You can recognize the ‘marrone’ thanks to its elliptical shape, unique scent and sweet taste. Precisely because of its characteristics, it is excellent when roasted, glazed, peeled or boiled with fennel. Even today, many chestnut farmers are prone to gathering by hand, involving their whole families in this age-old rite. The best time to buy this fresh product is in October, at harvest. During the months that follow, once the chestnuts have been dried, you can find chestnut flour produced in local mills. Said flour can be used to prepare traditional sweets such as ‘castagnaccio’ chestnut cake and fritters. In 2009 Caprese Michelangelo sweet chestnut was granted the prestigious DOP (Protected Designation of Origin).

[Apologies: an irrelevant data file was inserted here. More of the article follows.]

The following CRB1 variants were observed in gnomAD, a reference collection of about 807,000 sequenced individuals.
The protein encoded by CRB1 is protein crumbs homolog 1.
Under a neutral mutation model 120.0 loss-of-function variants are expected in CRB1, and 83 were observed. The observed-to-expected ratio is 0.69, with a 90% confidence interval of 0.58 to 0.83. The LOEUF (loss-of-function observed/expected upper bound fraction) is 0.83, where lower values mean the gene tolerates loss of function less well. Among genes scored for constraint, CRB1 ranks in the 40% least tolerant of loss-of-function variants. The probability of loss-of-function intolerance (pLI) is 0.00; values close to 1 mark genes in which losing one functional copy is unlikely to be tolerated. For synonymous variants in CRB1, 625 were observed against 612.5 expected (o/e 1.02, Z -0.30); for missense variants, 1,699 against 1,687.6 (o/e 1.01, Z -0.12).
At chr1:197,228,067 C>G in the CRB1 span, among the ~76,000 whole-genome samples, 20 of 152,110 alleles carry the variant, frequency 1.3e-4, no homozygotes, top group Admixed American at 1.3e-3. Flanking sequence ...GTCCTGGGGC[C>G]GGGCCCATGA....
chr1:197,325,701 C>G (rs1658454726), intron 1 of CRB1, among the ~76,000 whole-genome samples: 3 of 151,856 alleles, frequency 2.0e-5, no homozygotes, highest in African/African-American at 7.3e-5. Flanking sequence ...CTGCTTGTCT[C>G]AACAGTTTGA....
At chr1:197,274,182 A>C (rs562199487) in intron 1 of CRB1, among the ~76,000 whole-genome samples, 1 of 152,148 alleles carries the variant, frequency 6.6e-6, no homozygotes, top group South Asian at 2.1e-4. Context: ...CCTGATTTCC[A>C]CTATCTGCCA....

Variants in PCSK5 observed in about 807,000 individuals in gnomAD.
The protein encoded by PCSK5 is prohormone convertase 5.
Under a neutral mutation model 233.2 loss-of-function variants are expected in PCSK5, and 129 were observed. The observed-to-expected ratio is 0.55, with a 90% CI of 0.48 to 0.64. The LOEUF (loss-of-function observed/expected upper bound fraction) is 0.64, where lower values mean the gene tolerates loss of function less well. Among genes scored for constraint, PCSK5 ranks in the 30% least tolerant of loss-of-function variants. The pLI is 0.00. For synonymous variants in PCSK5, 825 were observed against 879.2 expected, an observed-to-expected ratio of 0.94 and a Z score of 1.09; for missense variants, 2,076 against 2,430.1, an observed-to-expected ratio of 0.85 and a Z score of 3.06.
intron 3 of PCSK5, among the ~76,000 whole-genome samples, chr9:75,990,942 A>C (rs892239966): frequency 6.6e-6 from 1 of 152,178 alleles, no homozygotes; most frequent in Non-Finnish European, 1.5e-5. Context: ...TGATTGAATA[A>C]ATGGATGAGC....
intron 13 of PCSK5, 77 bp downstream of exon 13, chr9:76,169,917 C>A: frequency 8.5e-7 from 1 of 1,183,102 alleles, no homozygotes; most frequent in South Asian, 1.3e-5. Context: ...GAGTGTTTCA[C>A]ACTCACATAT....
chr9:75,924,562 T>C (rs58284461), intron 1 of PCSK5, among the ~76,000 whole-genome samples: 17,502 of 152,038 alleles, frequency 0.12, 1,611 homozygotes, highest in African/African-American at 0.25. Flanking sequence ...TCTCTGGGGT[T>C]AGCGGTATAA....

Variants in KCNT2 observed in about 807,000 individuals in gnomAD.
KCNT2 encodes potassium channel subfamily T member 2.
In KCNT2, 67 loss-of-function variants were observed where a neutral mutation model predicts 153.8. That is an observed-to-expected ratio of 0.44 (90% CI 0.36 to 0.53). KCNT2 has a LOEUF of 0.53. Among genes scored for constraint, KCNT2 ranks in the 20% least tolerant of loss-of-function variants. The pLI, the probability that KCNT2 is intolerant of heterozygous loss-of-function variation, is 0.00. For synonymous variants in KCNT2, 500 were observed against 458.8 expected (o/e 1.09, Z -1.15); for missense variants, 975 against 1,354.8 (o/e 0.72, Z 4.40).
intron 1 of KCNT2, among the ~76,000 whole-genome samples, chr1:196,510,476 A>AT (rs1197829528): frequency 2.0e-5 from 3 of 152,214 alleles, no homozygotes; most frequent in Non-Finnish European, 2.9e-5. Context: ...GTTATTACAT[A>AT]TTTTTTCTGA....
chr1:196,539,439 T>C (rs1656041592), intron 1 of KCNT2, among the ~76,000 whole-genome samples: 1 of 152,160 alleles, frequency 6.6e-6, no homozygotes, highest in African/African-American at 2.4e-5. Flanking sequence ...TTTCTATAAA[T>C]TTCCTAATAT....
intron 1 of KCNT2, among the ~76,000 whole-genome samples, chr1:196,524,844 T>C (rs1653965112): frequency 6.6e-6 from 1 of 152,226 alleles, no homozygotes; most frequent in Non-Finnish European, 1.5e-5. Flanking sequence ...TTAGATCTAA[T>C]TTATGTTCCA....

Cover image credit: David Butali